Surgeon Vice Admiral Caldwell joined the Royal Navy initially for five years in 1934, survived the sinking of not only HMS Royal Oak, but also HMS Prince of Wales off Malaya in December 1941, and reached the pinnacle of his branch as medical director-general (Naval) before he eventually became a civilian again in 1969. He died just a few days after his 93rd birthday.
Sir Dick was born in South Africa and qualified at Edinburgh University in 1933. After a casualty job for six months, he assisted his father in practice for a further six months before taking the King's shilling.
He served for two years in HMS Norfolk in the East Indies, followed by a spell in the barracks at Portsmouth and the Royal Marine Infirmary. He went on to HM Hospital Ship Maine in the Mediterranean. His next appointment to HMS Royal Oak was short lived. After a spell ashore in Plymouth he joined HMS Prince of Wales in January 1941, took part in the Bismarck action and survived his second torpedoing in December. In later years, when reluctantly talking of his survival his only remark was, in his delightful Scottish lilt - 'I lost two damned sets of golf clubs'.
The Royal Naval Hospital Haslar in 1942 saw the real start of his clinical career, but he was deemed unfit for specialist training and went firstly to Kirkwall. He went on to RN Sick Quarters Liverpool, then on to a post as medical officer-in charge of the RN Barracks Verdala in Malta. He was subsequently appointed as principal medical officer of HMS Euroclydon, a transit barracks in Malta.
He returned to Haslar in 1946 for a six months medical specialist course and then went to RNH Hong Kong from 1947 to1950 where a perspicacious senior officer said he should do well.
He returned to the more bracing climate of East Anglia as the medical specialist at HMS Ganges, a boys' training establishment, and from there to Britannia Royal Naval College at Dartmouth (officers' training) from 1952 to 1955.
By the time he returned to Haslar in 1956 he had obtained the MD with a thesis on 4000 cases of sandfly fever in Malta, the membership of the Royal College of Physicians of Edinburgh, and had developed into an outstanding physician and good administrator. He was promoted to surgeon captain in December 1957.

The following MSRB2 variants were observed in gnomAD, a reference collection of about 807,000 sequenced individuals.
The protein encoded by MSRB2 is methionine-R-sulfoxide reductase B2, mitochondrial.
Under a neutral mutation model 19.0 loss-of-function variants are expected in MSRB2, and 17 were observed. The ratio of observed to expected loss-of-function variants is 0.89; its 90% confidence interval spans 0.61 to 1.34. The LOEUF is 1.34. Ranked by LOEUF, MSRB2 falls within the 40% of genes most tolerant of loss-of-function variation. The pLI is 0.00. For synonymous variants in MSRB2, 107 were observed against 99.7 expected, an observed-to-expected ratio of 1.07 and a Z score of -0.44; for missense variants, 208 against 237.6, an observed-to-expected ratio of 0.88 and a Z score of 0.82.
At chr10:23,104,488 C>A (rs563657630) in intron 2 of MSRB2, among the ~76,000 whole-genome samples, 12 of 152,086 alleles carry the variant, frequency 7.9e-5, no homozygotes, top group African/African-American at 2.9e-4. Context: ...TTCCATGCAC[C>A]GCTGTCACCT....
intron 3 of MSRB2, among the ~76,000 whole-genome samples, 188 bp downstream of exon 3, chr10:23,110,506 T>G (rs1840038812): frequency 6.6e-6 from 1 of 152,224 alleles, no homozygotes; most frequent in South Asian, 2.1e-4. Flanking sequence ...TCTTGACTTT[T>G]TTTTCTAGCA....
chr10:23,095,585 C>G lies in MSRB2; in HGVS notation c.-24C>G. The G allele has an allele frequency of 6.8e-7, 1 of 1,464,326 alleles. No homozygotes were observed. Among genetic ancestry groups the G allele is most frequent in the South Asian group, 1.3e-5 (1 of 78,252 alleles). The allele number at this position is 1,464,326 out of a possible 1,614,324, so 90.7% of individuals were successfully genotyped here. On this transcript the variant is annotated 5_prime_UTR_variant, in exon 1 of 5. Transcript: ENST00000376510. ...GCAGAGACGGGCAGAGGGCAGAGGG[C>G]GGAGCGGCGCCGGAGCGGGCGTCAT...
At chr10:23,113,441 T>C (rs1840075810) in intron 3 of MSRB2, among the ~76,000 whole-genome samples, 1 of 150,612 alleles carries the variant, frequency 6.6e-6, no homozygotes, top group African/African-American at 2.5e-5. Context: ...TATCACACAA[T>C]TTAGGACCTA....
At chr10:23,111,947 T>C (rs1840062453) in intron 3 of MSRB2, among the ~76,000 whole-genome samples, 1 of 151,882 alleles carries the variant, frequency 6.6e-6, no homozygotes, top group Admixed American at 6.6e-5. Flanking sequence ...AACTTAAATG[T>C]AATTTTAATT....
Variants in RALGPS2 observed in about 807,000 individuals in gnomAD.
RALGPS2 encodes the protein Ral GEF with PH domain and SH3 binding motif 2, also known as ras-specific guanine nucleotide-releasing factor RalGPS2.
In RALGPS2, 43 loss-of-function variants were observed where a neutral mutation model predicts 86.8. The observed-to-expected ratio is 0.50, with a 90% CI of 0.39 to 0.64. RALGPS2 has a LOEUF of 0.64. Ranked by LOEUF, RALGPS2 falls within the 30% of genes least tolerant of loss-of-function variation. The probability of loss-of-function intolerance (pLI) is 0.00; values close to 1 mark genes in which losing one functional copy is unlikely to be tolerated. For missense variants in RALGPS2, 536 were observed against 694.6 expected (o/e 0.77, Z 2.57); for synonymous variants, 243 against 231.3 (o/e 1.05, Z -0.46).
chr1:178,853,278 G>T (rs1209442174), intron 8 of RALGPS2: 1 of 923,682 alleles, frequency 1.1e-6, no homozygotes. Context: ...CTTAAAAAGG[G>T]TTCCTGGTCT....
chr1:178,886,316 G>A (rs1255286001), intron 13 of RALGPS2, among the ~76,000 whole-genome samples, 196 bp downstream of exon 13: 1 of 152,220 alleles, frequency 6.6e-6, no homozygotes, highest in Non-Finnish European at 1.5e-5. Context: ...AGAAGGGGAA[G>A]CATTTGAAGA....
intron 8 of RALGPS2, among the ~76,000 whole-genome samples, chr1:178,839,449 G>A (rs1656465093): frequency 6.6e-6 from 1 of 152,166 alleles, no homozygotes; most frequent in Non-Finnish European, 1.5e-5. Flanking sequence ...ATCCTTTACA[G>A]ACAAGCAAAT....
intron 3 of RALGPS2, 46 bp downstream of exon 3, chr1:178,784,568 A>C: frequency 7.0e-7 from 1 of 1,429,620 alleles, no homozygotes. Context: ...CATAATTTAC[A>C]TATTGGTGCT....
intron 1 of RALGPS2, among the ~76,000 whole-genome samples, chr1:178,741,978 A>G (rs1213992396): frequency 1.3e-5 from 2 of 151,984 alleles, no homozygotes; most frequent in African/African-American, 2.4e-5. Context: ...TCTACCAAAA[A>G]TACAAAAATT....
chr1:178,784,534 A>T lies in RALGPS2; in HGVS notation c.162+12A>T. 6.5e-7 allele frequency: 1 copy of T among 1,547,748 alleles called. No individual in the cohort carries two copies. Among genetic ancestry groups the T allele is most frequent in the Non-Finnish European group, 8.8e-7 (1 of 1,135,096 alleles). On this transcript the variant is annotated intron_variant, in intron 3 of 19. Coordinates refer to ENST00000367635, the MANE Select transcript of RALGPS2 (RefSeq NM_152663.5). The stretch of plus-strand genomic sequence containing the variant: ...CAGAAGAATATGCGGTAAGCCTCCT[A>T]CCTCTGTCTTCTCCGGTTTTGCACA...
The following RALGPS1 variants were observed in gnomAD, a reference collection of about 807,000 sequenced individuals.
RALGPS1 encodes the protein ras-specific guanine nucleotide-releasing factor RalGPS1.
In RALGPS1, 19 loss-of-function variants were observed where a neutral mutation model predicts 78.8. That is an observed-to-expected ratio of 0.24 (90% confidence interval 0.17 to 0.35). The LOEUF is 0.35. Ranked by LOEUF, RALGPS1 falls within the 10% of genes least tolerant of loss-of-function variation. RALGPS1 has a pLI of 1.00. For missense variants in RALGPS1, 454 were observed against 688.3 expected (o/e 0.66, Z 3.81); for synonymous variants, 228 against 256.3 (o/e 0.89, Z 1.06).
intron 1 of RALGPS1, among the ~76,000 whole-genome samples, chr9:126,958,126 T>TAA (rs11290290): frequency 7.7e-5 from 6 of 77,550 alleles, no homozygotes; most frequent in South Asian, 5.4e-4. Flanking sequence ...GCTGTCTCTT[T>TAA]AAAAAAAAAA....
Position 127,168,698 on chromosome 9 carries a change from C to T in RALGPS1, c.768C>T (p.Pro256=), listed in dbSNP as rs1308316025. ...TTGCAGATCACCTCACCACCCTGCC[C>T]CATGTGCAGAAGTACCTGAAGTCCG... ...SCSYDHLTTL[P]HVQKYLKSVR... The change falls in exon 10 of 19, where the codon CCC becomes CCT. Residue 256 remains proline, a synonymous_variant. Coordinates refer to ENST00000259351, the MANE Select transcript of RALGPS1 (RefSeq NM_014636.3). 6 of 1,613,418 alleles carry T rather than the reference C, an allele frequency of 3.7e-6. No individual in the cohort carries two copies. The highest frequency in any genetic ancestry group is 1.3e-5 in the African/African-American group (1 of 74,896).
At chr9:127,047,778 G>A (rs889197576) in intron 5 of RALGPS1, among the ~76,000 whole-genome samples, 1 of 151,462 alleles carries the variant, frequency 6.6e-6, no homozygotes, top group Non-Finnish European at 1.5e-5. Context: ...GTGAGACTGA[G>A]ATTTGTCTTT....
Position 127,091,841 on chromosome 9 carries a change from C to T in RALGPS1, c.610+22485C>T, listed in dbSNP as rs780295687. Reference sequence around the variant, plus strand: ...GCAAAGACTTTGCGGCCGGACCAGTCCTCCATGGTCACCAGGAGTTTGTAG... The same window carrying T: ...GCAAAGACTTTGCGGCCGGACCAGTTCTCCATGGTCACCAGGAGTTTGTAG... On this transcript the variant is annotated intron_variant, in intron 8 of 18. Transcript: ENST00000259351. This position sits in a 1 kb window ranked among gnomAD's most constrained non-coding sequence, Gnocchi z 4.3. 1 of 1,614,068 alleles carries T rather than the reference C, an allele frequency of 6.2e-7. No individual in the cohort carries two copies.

At the end of 1958 he returned to Malta to run the busy families clinic and be on the admiral's staff. Next came the Admiralty Medical Board in London (in those days a physician's appointment) in 1961 and he was eventually graded as a consultant.
The Gilbert Blane medal came in 1962, as well as promotion to surgeon rear admiral as medical officer-in-charge of the Royal Naval Hospital in Plymouth. He was promoted to surgeon vice admiral as medical director-general (Naval) in 1966. He retired in 1969.
From 1970 to 1979, although not adverse to a wee dram himself, he was executive director of the Medical Council on Alcoholism; during his first year in office he gave a speech in Cardiff on rum and the Navy, in which he announced that, after 300 years: 'Their Lordships decided to abolish the rum ration for good and that on the last day of its issue a rum barrel was sadly and ceremoniously buried at sea with full Naval honours'.
In 1942 he married (Margery) Lee Abbott. He was distraught when, after a protracted illness at the end of their long and loving partnership, she died only a year before they were due to celebrate their golden wedding. Throughout his life he had the loving support of his sister, Joan, his nieces, Sue and Kate and his nephew, Simon.
When they moved to Kensington Dick and Lee quickly made friends with many of their neighbours and, although devastated by Lee's death, he kept in touch and often entertained them. He was warm and friendly with a great sense of humour, a fund of anecdotes and was an avid reader.
Surgeon Vice Admiral Sir Dick Caldwell was a well-respected Naval physician who had a reputation for great attention to detail and gained the confidence of his patients and his senior officers. He metamorphosed into a talented leader and administrator.